Pandemic continues to impact Central athletic programs

By Maurice Patton

Chris Poynter hesitated to draw any correlation between the county’s largest school having the most significant COVID-19 issues in the athletic arena.

But the Maury County Public Schools athletics director did confirm Monday that, after Columbia Central’s football team was sidelined during the preseason following a positive test, and subsequent stoppages of activity for the girls soccer and cross country teams, the volleyball team will be out of action until mid-September.

“When we returned to summer workouts for all sports, we (soon after) had our first case. We kinda anticipated this would happen across the county, that it would impact multiple programs, multiple schools,” Poynter said. “Central has borne the brunt of it to this point.

“The worst call you have to make is calling a coach and pulling the plug on their program for 14 days. It’s a tough, tough situation, but it’s something we’re having to battle to at least have athletics be viable. As much as I hate to lose, as much as I want all our programs to compete at the highest level, this year is really about getting back to just playing the game you love – getting back to some normalcy.”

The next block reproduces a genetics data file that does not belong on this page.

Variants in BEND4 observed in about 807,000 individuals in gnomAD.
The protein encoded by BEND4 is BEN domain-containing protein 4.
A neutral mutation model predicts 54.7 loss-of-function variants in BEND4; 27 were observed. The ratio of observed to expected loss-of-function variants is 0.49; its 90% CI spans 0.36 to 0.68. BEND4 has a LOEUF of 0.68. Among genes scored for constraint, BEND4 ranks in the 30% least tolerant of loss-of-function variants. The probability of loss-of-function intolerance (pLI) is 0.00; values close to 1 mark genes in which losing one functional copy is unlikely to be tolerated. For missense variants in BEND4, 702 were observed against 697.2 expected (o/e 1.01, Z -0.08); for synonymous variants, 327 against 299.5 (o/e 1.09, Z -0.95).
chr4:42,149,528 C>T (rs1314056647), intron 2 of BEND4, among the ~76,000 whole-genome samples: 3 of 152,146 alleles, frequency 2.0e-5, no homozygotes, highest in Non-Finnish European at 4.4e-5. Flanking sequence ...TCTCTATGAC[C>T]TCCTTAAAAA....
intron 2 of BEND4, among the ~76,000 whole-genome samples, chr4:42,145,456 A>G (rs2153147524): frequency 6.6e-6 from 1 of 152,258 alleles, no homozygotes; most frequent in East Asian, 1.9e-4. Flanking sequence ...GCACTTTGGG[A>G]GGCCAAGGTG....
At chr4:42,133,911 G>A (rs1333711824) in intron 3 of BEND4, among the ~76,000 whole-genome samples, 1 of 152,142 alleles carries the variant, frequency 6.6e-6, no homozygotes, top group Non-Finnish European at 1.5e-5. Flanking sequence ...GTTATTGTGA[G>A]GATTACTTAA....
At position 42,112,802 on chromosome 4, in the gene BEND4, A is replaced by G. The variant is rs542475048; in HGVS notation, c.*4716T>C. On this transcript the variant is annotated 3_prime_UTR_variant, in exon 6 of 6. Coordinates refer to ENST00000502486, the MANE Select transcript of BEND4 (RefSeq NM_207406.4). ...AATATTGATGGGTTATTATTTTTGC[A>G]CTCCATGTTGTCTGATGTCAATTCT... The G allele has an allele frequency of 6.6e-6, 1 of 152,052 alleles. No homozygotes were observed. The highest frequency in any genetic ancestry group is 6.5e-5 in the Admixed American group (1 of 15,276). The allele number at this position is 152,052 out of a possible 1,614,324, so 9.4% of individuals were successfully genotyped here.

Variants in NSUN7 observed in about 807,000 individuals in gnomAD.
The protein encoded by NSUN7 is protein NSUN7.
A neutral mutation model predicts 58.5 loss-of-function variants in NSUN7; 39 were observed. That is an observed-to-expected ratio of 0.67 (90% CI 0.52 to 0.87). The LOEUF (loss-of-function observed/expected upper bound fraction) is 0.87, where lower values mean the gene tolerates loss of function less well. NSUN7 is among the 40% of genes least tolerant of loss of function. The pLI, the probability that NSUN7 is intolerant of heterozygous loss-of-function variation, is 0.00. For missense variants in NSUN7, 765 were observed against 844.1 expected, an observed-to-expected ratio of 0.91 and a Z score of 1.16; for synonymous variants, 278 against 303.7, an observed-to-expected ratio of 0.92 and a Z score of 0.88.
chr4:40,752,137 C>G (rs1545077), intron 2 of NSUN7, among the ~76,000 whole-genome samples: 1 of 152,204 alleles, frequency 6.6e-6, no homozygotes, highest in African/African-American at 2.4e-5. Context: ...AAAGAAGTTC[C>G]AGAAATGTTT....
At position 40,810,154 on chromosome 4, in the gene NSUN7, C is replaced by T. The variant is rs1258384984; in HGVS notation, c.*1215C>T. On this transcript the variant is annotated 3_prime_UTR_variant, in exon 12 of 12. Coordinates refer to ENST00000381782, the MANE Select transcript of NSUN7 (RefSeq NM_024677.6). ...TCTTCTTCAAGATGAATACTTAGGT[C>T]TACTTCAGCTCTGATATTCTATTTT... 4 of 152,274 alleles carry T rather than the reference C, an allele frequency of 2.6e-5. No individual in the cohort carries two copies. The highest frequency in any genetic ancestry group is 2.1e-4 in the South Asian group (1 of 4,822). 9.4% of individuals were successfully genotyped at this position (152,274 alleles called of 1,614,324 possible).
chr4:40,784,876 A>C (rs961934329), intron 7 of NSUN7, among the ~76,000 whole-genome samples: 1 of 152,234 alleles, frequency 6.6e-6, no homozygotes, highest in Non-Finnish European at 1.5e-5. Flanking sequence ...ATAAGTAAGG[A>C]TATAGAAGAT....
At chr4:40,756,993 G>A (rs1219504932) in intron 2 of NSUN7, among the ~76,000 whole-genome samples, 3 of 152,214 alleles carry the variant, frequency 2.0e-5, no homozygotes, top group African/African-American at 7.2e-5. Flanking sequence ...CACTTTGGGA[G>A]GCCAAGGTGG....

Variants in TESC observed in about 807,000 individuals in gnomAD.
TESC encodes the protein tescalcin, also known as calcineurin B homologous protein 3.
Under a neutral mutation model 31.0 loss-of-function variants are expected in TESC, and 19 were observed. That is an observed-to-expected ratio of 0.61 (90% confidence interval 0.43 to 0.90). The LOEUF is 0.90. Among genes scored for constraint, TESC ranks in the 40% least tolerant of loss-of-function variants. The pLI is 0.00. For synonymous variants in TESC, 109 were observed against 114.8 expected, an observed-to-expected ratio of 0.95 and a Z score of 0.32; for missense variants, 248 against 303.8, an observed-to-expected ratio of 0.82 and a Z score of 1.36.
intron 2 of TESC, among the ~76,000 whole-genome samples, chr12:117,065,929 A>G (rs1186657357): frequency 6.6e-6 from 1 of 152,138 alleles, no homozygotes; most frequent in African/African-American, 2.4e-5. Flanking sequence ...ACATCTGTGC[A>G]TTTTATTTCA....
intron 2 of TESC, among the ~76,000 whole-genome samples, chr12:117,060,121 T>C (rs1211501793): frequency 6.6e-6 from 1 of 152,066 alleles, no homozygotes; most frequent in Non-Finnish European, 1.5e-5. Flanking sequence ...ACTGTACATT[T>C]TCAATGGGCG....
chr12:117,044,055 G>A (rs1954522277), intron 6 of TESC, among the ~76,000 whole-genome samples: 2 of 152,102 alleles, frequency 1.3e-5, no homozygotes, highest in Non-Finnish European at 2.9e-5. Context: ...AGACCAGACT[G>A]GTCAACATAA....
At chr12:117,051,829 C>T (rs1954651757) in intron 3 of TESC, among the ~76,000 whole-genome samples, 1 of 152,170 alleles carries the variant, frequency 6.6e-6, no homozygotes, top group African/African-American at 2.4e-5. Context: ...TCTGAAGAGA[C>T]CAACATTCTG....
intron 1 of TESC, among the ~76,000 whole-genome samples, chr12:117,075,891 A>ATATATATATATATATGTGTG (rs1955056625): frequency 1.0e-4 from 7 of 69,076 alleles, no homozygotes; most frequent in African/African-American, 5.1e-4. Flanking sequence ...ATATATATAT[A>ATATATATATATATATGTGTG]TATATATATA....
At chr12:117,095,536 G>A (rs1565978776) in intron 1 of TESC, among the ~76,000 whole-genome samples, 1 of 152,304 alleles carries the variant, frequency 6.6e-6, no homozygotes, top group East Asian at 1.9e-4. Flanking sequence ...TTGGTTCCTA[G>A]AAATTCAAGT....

After the Central girls soccer team was forced to cease activities a couple of weeks ago, the Lady Lions are expected to resume practice Wednesday and host District 8-AAA rival Coffee County on Thursday. However the cross country team remains sidelined for at least another week, with the volleyball team to be held out until Sept. 11.

The entire Hampshire athletic program was required to shut down in mid-August as well. While there have been other pandemic-related concerns throughout MCPS, no other athletic teams have been sidelined en masse to this point.

“Although we’ve had our hiccups and ebbs and flows, at least we have some hope,” Poynter said.

Poynter said the protocols regarding positive tests and exposures to those who have tested positively make for a fluid situation as it relates to stoppages for teams.

“Every situation is so different and the decision-making process is very lengthy; it’s not ‘cookie-cutter’. It would make it so much easier on so many people if it were,” he said.

“You can’t pinpoint it back to a single source, but I think any time you have a greater population, your chances increase exponentially for someone to come in contact with, or test positive for, COVID. The more people, the more opportunity to impact more people.”

Maurice Patton is the editor for Southern Middle Tennessee Sports. E-mail:; Twitter: @mopatton_sports.

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